Search - Blue Rags :: Eat at Joe's

Eat at Joe's
Blue Rags
Eat at Joe's
Genres: Country, Alternative Rock, Pop, Rock
 
  •  Track Listings (12) - Disc #1

When this North Carolina quintet went into the studio to make their gloriously rambunctious 1997 debut Rag-N-Roll, they were enthusiastic youngsters who knew nothing about the studio process. The result was an irresistible...  more »

      
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CD Details

All Artists: Blue Rags
Title: Eat at Joe's
Members Wishing: 1
Total Copies: 0
Label: Sub Pop
Original Release Date: 5/4/1999
Release Date: 5/4/1999
Genres: Country, Alternative Rock, Pop, Rock
Styles: Americana, Indie & Lo-Fi
Number of Discs: 1
SwapaCD Credits: 1
UPC: 098787045529

Synopsis

Amazon.com
When this North Carolina quintet went into the studio to make their gloriously rambunctious 1997 debut Rag-N-Roll, they were enthusiastic youngsters who knew nothing about the studio process. The result was an irresistible, rollicking blend of ragtime, old-time, blues, and bluegrass delivered with reckless abandon. Unfortunately, much of that loose and wild spontaneity is lost on this 1999 follow-up. Whereas Rag-N-Roll mixed in a variety of supercharged covers (ranging from Leadbelly to Professor Longhair to Jelly Roll Morton) with delightfully offhanded originals, Eat at Joe's contains 12 originals, mostly clichéd reflections about the road, the girl, and "the biz." (The one cover is a blistering but "hidden" version of Jimmy Martin's "Freeborn Man," ironically the record's most compelling cut.) The record does grow on you with repeated listens, but then again, the beauty of Rag-N-Roll was its immediacy--its ability to grab hold of you from the get-go. The Rags deserve credit for trying to mature and develop their sound and their songwriting, but in doing so, they've played away from their strengths. --Marc Greilsamer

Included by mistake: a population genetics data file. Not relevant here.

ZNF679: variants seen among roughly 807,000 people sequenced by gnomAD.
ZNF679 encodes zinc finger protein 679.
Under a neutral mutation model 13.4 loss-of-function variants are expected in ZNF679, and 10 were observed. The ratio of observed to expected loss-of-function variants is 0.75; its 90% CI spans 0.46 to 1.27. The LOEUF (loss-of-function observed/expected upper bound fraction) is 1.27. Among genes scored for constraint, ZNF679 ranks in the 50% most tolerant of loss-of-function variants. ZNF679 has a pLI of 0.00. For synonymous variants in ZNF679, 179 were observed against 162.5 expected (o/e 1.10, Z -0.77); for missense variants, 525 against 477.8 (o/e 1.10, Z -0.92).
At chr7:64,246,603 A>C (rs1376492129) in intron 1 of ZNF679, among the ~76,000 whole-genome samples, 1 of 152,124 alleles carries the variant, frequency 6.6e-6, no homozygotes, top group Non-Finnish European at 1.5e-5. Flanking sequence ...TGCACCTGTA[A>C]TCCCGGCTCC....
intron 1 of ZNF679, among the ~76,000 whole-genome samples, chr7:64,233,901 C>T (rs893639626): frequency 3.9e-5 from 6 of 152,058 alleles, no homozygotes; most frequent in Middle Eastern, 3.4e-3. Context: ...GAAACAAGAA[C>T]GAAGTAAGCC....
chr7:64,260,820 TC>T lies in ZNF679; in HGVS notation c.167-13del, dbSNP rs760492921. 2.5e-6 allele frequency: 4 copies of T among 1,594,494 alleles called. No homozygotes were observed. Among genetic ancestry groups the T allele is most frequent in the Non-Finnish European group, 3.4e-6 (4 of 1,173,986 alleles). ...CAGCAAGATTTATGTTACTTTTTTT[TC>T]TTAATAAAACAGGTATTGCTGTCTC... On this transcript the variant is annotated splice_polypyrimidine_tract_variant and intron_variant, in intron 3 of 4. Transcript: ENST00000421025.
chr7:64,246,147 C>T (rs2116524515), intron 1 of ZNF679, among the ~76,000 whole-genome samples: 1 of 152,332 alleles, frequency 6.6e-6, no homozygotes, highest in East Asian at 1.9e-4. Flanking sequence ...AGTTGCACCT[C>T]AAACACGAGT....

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CD Reviews

Good on its own, but different from first
zoealexandra@usa.net , Zoe Perry | Kentucky | 06/19/1999
(4 out of 5 stars)

"While "Eat at Joe's" stands on its own as an excellent album, those fans of "Rag-N-Roll" may be in for a surprise. "Eat at Joe's" is markedly slower in tempo and when I first listened to it I found myself skipping from song to song trying to find a tune that matches "Sister Kate" or "Be My Salty Dog." Also, the amazing piano of Jake Hollifield is not showcased at all on this release as it was on the first. This album is almost entirely original material for the Blue Rags, whereas "Rag-N-Roll" featured arrangements of classic, old songs. The only cover comes in the form of a secret song after the last track. "Eat at Joe's" definitely has more of a clean, perfected, studio sound. It doesn't sound like sub-pop let the guys go loose in a room and record it live. While I like the laid-back, country feel of this album, I miss the "get up and dance" ragtime sound of "Rag-N-Roll.""